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Wednesday, Sep. 21, 2011
Fukushima evacuees weigh risks of return
The Washington Post
MINAMISOMA, Fukushima Pref. — Kimie Furuuchi recently received a letter encouraging her to come home. Signed by the mayor, it began, "Dear Minamisoma Evacuee. . . ."
"We are trying to create the environment where all evacuees can come back to Minamisoma as soon as possible," the letter stated.
Furuuchi thought it seemed premature. Government authorities and radiation experts kept saying that her old city could become safer, but almost nobody said it was safe. The ambiguity meant that Furuuchi, like tens of thousands of others who fled their homes after the Fukushima No. 1 nuclear disaster in March, had to weigh the comfort of a homecoming against a danger she could not quantify.
As the government prepares this month to lift the "evacuation preparation zone" — the ring just beyond the 20-km no-entry radius — the long-term viability of a region depends on people returning to their towns and accepting the risk.
Furuuchi and her three teenagers have lived since April 3 in Chiba Prefecture. The elder two like city life even more than they expected. And when the family visited Minamisoma in early August, they agreed that the things they loved about it were gone. Fewer played outside. Nobody visited the beach. The main shopping street had become a glum passageway of shuttered storefronts.
But for Furuuchi, Minamisoma also offers one thing that Chiba has not yet given: a job. The hospital where she worked has been calling; they want her to return. Furuuchi doubts it's safe to go back, but recently she pulled her kids together and said, "Let's talk about the best way to decide."
In the initial days of the disaster, amid explosions at three of Fukushima's reactors, the government urged those between 20 km and 30 km from the facility to evacuate or stay indoors. The government removed the request to stay inside in late April, but the area still had a special designation — it was a place where residents should be ready to flee in case the situation worsened.
People fled anyway. Minamisoma, with a population of 71,000 before the disaster, at one point had lost six of every seven residents.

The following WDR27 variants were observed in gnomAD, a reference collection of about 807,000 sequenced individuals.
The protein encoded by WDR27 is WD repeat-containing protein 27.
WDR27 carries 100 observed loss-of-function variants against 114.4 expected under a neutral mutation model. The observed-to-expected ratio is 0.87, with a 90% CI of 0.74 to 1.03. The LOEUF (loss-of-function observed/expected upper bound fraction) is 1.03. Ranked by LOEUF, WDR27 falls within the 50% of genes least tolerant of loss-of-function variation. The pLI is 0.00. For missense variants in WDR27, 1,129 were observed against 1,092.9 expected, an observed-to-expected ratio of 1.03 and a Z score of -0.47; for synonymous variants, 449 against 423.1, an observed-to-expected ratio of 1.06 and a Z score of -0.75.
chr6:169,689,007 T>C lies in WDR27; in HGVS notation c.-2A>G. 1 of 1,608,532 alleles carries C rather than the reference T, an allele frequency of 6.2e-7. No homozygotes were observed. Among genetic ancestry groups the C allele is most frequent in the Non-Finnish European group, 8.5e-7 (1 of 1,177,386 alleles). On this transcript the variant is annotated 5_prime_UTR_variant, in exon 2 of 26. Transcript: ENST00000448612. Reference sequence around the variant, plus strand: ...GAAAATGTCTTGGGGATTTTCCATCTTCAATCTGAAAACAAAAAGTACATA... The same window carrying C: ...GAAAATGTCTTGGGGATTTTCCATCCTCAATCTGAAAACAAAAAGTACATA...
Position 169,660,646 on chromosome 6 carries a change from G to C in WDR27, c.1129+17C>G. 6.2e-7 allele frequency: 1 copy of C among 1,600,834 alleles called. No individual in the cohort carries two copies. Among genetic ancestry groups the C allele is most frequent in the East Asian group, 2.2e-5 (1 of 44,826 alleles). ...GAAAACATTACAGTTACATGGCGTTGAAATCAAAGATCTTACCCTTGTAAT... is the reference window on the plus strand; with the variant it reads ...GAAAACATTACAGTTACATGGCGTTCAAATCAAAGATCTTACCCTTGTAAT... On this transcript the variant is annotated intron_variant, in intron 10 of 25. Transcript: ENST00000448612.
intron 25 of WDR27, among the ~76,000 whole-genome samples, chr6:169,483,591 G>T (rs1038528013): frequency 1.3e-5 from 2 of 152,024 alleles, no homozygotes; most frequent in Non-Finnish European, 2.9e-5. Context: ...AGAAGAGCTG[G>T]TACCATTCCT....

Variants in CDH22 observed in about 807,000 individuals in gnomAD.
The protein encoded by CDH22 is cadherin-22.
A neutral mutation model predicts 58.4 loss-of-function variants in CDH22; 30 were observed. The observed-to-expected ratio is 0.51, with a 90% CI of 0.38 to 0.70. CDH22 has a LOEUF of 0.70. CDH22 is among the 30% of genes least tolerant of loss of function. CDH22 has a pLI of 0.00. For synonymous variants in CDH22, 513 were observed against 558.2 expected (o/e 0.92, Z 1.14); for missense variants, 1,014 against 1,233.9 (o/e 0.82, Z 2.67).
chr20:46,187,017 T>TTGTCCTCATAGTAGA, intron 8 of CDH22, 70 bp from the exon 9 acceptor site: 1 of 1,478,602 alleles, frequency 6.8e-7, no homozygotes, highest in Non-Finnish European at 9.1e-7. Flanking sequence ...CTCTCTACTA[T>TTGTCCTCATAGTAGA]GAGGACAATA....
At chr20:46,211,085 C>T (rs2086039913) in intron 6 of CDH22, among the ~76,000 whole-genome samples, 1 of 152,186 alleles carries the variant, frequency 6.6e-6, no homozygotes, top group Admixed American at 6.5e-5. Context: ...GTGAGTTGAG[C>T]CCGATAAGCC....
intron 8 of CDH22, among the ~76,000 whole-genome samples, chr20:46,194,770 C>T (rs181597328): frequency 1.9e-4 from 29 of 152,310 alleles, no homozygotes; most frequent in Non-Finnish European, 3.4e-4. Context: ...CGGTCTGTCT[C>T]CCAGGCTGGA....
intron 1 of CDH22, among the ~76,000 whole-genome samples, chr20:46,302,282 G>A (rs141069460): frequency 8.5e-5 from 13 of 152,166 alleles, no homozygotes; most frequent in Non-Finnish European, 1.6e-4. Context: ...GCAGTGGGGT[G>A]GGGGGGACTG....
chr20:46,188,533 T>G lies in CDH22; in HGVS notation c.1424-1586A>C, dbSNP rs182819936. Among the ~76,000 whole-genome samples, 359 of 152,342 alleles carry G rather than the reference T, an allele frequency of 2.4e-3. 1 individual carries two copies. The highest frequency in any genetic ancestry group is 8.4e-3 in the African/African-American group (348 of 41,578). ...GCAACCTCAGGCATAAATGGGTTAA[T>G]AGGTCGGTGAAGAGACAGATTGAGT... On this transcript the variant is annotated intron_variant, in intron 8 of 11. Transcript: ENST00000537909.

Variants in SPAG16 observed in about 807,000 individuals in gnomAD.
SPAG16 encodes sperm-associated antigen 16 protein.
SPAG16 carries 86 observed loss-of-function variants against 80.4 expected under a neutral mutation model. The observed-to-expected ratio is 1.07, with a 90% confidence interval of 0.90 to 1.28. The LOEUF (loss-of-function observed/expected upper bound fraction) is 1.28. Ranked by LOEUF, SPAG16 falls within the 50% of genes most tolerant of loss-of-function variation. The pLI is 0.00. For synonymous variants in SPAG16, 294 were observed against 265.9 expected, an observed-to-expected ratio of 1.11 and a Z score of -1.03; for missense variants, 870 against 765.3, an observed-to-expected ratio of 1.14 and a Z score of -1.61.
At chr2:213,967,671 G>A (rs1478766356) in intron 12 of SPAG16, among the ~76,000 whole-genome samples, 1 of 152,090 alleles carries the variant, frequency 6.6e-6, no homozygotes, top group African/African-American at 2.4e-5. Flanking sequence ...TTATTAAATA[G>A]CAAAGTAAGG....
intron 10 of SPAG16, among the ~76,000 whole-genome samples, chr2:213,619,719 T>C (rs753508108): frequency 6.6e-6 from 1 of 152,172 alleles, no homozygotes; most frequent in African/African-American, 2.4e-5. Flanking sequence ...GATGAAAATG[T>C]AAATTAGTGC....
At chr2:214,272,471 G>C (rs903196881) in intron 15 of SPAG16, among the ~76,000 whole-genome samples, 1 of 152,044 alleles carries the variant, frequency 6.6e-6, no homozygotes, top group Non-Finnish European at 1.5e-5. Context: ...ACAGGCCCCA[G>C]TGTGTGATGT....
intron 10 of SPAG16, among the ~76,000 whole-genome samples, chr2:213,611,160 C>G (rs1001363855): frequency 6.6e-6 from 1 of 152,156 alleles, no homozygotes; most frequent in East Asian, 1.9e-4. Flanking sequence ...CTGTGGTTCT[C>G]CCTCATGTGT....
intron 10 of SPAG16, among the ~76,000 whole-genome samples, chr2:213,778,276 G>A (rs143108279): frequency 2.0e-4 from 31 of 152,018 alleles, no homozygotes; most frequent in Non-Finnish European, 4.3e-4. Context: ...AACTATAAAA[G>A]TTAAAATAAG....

But with a plan now to lift the evacuation zone between 20 km and 30 km, the government sees an opportunity in Minamisoma. Already the city has recovered 55 percent of its population.
If it can regain its school-age population, it can also regain a semblance of normalcy — a key benchmark of progress in efforts to overcome the nuclear disaster.
Efforts to decontaminate have not eliminated uncertainty for residents weighing a return. The local government mapped out a massive decontamination plan, but officials lacked the funding for a scientific trial run and can't guarantee it will work. City assembly member Showichi Ogawa said it's less a matter of eliminating radiation than "learning to live with radiation" — that residents could be scrubbing rooftops and discarding soil for decades.
Tatsuhiko Kodama, head of the University of Tokyo's Radioisotope Center, has spent his weekends there, advising on the cleanup. The main challenge is to dispose of cesium-137, a radioactive isotope with a half-life of 30 years. Kodama said that because cesium sticks to soil, the key is to shave off a layer of land and deposit it somewhere safe.
Minamisoma wants to halve its current radiation levels by the end of this month and reopen 12 schools by mid-October. Ten construction companies have been commissioned to lift 5 cm of soil from the top of playgrounds, then bury that soil roughly 1 meter below the playgrounds inside a protective bubble made partly of rubber.
The central government has given Minamisoma enough funding to decontaminate only public areas, not its thousands of homes. Kodama has suggested the town improve its monitoring of food contamination, saying food safety is the greatest risk.
Conflicted about the decontamination plan, one local elementary school principal, requesting anonymity to speak his mind, said it was "critical" to reopen the schools soon. But he's not allowing his own children to return.
"Can I say it's safe?" the principal said. "No, I can't say that."
Furuuchi doesn't want to return, fearing Minamisoma is unsafe, or will prove to be as the years pass and health problems emerge. But she also feels she must return. She's on a nine-month leave from her job. If she quits, she would have to pay back millions of yen — the bill her hospital has paid to subsidize her nursing classes. She doesn't have that money.
It's ironic, Furuuchi said: She'd decided to take those classes soon after she divorced to boost her earning power and gain independence.
As her kids had dinner one night recently, Furuuchi said the disaster had "turned their lives upside down."
"But I will go back, I think," Furuuchi said.
"You can't quit your job," Mikado said, nodding.
"I can't quit my job," Furuuchi said.